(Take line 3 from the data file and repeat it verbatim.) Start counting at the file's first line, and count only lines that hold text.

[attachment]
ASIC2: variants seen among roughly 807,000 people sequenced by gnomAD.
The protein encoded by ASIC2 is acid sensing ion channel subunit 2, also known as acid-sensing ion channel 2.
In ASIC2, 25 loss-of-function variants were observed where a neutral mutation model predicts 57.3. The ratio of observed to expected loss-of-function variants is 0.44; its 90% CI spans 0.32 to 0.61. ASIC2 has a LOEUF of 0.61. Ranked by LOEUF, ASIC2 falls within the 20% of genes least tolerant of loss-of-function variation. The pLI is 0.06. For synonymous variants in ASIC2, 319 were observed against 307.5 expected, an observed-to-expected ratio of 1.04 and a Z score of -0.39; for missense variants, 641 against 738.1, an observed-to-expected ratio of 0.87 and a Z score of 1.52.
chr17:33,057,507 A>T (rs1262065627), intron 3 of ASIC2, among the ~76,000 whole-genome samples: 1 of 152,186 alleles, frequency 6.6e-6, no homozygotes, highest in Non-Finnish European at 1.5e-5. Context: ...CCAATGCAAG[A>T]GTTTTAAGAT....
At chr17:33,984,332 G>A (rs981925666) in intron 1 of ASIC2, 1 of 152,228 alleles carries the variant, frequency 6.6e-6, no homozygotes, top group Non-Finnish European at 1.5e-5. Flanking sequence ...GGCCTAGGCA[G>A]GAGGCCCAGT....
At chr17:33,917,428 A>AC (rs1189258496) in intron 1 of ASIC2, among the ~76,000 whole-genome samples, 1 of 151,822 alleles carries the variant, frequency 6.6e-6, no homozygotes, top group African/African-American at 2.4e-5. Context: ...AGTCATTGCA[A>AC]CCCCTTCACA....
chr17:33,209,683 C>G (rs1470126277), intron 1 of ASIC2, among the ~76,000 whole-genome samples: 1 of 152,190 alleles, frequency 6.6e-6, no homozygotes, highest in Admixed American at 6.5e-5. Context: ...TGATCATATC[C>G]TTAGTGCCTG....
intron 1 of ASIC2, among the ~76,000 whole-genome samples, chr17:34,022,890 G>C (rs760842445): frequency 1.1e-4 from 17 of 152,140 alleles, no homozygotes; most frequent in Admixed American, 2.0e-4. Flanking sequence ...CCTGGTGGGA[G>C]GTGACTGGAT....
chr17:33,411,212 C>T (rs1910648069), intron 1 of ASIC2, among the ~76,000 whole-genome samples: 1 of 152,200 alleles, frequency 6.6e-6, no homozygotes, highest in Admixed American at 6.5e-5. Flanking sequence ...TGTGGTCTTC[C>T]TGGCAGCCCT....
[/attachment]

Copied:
In ASIC2, 25 loss-of-function variants were observed where a neutral mutation model predicts 57.3. The ratio of observed to expected loss-of-function variants is 0.44; its 90% CI spans 0.32 to 0.61. ASIC2 has a LOEUF of 0.61. Ranked by LOEUF, ASIC2 falls within the 20% of genes least tolerant of loss-of-function variation. The pLI is 0.06. For synonymous variants in ASIC2, 319 were observed against 307.5 expected, an observed-to-expected ratio of 1.04 and a Z score of -0.39; for missense variants, 641 against 738.1, an observed-to-expected ratio of 0.87 and a Z score of 1.52.